Let’s get one thing straight. People who organize and/or participate in violent and/or self-destructive (to their cause or the community in which they act) protesting are enemies of free speech. In other words, someone who smashes windows or destroys a car or hurts a person ultimately hurts their own cause. But they also challenge the freedom of speech and assembly being used by the vast majority of people who use those freedoms wisely.
That being said, has the threat of violent protests become so extreme that the FBI needs to pay home visits to those who are planning to demonstrate outside of the convention in NY?
There is a fine line between a peaceful protest and going too far. There is an even finer line between being concerned about a potential crime and strong-arming people because of their beliefs.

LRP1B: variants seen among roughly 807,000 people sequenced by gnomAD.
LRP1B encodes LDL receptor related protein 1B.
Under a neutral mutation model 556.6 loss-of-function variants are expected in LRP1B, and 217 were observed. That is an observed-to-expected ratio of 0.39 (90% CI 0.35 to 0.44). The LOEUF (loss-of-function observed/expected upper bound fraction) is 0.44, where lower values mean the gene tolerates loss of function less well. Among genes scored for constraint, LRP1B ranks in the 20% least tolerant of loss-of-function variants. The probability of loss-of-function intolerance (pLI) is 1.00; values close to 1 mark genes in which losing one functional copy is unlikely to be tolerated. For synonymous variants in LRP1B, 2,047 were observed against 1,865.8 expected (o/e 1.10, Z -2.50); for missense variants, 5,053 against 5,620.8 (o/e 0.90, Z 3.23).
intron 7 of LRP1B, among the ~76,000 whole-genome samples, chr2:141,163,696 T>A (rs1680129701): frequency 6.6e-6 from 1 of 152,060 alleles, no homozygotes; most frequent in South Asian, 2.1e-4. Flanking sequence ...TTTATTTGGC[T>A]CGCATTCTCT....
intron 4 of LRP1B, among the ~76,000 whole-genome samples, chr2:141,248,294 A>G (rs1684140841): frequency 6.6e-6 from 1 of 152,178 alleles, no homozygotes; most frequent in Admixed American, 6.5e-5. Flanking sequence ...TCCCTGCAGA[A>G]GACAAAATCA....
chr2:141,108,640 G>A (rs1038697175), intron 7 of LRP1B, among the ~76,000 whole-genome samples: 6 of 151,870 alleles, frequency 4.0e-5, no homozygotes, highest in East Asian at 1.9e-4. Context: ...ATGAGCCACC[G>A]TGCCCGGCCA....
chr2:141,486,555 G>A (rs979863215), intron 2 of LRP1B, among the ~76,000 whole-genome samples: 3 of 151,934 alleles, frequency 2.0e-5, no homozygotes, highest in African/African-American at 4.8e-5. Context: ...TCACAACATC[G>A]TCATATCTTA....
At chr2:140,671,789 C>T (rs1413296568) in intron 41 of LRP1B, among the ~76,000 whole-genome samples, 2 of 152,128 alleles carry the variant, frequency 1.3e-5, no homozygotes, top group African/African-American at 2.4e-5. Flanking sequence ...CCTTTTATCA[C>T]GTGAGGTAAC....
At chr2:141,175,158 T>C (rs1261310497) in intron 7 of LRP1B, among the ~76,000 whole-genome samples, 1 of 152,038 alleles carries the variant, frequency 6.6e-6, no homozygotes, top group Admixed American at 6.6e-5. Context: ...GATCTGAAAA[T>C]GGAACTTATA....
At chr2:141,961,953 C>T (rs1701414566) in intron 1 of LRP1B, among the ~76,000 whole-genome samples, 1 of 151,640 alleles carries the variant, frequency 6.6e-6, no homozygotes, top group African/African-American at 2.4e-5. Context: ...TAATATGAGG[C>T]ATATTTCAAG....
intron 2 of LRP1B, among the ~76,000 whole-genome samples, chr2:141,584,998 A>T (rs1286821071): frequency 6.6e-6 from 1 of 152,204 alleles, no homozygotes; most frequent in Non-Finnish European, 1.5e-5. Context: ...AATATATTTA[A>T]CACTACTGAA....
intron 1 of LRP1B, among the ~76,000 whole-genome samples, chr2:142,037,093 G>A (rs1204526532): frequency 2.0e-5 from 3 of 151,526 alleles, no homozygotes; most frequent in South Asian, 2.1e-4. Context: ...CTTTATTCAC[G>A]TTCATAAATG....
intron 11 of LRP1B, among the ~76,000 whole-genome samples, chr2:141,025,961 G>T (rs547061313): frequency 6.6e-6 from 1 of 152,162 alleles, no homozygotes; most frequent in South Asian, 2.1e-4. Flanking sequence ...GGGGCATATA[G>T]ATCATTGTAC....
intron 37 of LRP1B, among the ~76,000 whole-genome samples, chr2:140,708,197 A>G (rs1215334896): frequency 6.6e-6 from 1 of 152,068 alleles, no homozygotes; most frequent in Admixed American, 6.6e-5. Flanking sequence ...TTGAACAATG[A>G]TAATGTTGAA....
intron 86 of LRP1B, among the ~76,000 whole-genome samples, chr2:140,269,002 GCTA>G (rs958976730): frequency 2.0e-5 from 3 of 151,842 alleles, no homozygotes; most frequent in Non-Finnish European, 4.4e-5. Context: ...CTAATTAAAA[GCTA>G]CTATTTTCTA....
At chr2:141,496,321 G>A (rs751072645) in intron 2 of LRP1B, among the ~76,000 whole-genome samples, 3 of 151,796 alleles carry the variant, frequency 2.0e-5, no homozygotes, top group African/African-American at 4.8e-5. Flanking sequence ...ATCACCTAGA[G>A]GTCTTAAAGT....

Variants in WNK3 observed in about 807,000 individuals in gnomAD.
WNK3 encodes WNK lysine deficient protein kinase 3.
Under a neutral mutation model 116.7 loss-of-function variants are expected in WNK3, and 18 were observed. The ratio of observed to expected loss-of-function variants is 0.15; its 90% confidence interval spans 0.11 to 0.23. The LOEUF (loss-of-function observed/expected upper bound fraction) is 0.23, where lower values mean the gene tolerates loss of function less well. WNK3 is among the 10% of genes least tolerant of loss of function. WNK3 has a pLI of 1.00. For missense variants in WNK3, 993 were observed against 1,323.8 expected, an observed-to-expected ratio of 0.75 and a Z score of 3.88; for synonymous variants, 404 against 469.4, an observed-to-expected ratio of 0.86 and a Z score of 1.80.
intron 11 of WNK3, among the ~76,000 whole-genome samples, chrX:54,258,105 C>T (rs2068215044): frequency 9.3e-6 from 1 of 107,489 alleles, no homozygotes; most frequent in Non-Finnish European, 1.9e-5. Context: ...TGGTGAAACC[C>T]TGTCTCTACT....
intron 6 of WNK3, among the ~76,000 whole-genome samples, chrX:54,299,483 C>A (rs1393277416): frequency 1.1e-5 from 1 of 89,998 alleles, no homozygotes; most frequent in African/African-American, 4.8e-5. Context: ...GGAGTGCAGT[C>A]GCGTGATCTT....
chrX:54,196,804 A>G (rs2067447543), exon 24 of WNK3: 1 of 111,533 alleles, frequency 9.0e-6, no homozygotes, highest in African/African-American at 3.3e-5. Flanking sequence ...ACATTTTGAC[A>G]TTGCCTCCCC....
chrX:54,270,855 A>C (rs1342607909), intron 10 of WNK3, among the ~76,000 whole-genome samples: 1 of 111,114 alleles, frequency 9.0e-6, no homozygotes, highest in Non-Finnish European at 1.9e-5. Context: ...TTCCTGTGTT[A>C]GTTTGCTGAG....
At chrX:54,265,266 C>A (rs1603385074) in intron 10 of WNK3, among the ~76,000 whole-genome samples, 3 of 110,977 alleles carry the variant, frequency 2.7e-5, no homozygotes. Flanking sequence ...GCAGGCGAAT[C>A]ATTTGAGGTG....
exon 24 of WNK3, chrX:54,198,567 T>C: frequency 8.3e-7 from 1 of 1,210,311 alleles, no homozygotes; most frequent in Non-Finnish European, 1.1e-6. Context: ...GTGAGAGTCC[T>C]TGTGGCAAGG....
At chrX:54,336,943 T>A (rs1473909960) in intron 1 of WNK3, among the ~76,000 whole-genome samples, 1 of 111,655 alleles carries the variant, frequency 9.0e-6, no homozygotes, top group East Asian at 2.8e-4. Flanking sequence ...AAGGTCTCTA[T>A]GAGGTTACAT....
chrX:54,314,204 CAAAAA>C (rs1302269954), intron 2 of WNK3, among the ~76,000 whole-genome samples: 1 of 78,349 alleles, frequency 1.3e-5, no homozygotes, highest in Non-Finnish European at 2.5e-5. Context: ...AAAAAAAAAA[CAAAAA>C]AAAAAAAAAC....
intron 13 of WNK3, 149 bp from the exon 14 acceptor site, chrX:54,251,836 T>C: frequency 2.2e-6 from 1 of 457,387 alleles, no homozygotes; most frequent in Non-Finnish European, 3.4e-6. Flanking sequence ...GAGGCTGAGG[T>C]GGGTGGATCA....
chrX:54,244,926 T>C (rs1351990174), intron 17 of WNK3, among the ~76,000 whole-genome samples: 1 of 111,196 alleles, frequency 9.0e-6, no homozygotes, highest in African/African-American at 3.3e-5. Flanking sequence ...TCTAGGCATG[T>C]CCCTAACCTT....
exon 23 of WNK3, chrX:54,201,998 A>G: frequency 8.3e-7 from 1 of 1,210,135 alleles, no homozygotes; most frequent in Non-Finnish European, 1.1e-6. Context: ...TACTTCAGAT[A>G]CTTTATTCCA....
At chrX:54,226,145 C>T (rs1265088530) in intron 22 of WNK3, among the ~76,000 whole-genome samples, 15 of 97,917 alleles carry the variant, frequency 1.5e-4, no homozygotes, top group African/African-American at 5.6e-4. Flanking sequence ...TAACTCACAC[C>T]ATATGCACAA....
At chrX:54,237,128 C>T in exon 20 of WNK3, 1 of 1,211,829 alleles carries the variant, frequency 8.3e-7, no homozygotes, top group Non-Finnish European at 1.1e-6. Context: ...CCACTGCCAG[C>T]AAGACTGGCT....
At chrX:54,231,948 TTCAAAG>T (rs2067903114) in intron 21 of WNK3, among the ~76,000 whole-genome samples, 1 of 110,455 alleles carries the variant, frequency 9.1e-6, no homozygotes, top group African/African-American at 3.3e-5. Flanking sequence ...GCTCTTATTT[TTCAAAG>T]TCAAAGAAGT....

It will be quite interesting to see how the protesters and the conventioners co-mingle in New York. It will be even more interesting to see how the city itself deals with the convention.
In Boston, pretty much everyone in the city was on the same team. And the team was small. People who actually live in Boston were nowhere to be seen. The convention goers took over the entire town.
In New York, things will be entirely different. New Yorkers aren’t leaving. The city’s political views are largely opposed to the conventioners. And the city is not emptying out or shutting down because of they happen to be having an event at Madison Square Garden. In fact, the tennis U.S. Open begins at the same time.
That’s why I’m begging someone out there to get me a pass to the convention. A live political event and Serena Williams in person (not to mention the Bialys at Kossar’s) during the same week? That’s good stuff, folks.